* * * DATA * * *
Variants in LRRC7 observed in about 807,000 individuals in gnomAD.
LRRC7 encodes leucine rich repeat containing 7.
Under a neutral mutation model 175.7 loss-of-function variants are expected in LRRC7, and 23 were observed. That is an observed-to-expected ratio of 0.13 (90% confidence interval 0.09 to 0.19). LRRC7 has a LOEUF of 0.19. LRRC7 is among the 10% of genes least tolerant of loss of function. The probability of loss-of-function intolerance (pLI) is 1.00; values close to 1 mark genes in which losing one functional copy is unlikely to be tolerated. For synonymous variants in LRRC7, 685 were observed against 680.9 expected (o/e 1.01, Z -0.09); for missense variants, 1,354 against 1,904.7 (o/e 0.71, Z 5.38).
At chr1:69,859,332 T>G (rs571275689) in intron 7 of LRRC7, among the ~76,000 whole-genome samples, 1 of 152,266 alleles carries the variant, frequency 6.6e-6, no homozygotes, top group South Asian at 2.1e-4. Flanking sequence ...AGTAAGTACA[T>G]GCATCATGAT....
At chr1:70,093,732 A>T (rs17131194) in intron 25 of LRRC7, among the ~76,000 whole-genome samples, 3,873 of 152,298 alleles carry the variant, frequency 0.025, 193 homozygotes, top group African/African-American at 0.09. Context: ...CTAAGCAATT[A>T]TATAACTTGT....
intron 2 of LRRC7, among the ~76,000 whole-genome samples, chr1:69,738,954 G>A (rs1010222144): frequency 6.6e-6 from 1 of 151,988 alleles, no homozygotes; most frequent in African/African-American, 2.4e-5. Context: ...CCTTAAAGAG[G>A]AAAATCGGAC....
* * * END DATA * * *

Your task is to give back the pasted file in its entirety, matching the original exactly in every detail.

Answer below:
Variants in LRRC7 observed in about 807,000 individuals in gnomAD.
LRRC7 encodes leucine rich repeat containing 7.
Under a neutral mutation model 175.7 loss-of-function variants are expected in LRRC7, and 23 were observed. That is an observed-to-expected ratio of 0.13 (90% confidence interval 0.09 to 0.19). LRRC7 has a LOEUF of 0.19. LRRC7 is among the 10% of genes least tolerant of loss of function. The probability of loss-of-function intolerance (pLI) is 1.00; values close to 1 mark genes in which losing one functional copy is unlikely to be tolerated. For synonymous variants in LRRC7, 685 were observed against 680.9 expected (o/e 1.01, Z -0.09); for missense variants, 1,354 against 1,904.7 (o/e 0.71, Z 5.38).
At chr1:69,859,332 T>G (rs571275689) in intron 7 of LRRC7, among the ~76,000 whole-genome samples, 1 of 152,266 alleles carries the variant, frequency 6.6e-6, no homozygotes, top group South Asian at 2.1e-4. Flanking sequence ...AGTAAGTACA[T>G]GCATCATGAT....
At chr1:70,093,732 A>T (rs17131194) in intron 25 of LRRC7, among the ~76,000 whole-genome samples, 3,873 of 152,298 alleles carry the variant, frequency 0.025, 193 homozygotes, top group African/African-American at 0.09. Context: ...CTAAGCAATT[A>T]TATAACTTGT....
intron 2 of LRRC7, among the ~76,000 whole-genome samples, chr1:69,738,954 G>A (rs1010222144): frequency 6.6e-6 from 1 of 151,988 alleles, no homozygotes; most frequent in African/African-American, 2.4e-5. Context: ...CCTTAAAGAG[G>A]AAAATCGGAC....